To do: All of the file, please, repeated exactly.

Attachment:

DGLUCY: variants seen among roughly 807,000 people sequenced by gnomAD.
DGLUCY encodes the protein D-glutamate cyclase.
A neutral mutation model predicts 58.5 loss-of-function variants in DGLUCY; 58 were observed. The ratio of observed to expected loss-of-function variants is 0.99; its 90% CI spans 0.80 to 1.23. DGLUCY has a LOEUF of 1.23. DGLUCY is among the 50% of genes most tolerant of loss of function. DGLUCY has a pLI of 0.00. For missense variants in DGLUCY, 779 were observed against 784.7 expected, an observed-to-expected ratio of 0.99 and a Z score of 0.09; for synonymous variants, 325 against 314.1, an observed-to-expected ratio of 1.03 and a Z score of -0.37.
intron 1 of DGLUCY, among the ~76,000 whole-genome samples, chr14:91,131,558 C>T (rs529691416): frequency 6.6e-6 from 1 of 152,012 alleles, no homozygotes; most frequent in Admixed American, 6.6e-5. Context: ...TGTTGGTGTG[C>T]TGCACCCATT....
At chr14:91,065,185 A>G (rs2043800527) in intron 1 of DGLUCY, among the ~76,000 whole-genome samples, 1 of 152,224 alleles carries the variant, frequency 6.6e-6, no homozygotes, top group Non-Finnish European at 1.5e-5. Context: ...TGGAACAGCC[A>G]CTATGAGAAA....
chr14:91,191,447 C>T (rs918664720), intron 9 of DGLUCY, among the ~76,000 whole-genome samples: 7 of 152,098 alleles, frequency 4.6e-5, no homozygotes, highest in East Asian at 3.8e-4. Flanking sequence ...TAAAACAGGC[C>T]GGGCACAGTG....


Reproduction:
DGLUCY: variants seen among roughly 807,000 people sequenced by gnomAD.
DGLUCY encodes the protein D-glutamate cyclase.
A neutral mutation model predicts 58.5 loss-of-function variants in DGLUCY; 58 were observed. The ratio of observed to expected loss-of-function variants is 0.99; its 90% CI spans 0.80 to 1.23. DGLUCY has a LOEUF of 1.23. DGLUCY is among the 50% of genes most tolerant of loss of function. DGLUCY has a pLI of 0.00. For missense variants in DGLUCY, 779 were observed against 784.7 expected, an observed-to-expected ratio of 0.99 and a Z score of 0.09; for synonymous variants, 325 against 314.1, an observed-to-expected ratio of 1.03 and a Z score of -0.37.
intron 1 of DGLUCY, among the ~76,000 whole-genome samples, chr14:91,131,558 C>T (rs529691416): frequency 6.6e-6 from 1 of 152,012 alleles, no homozygotes; most frequent in Admixed American, 6.6e-5. Context: ...TGTTGGTGTG[C>T]TGCACCCATT....
At chr14:91,065,185 A>G (rs2043800527) in intron 1 of DGLUCY, among the ~76,000 whole-genome samples, 1 of 152,224 alleles carries the variant, frequency 6.6e-6, no homozygotes, top group Non-Finnish European at 1.5e-5. Context: ...TGGAACAGCC[A>G]CTATGAGAAA....
chr14:91,191,447 C>T (rs918664720), intron 9 of DGLUCY, among the ~76,000 whole-genome samples: 7 of 152,098 alleles, frequency 4.6e-5, no homozygotes, highest in East Asian at 3.8e-4. Flanking sequence ...TAAAACAGGC[C>T]GGGCACAGTG....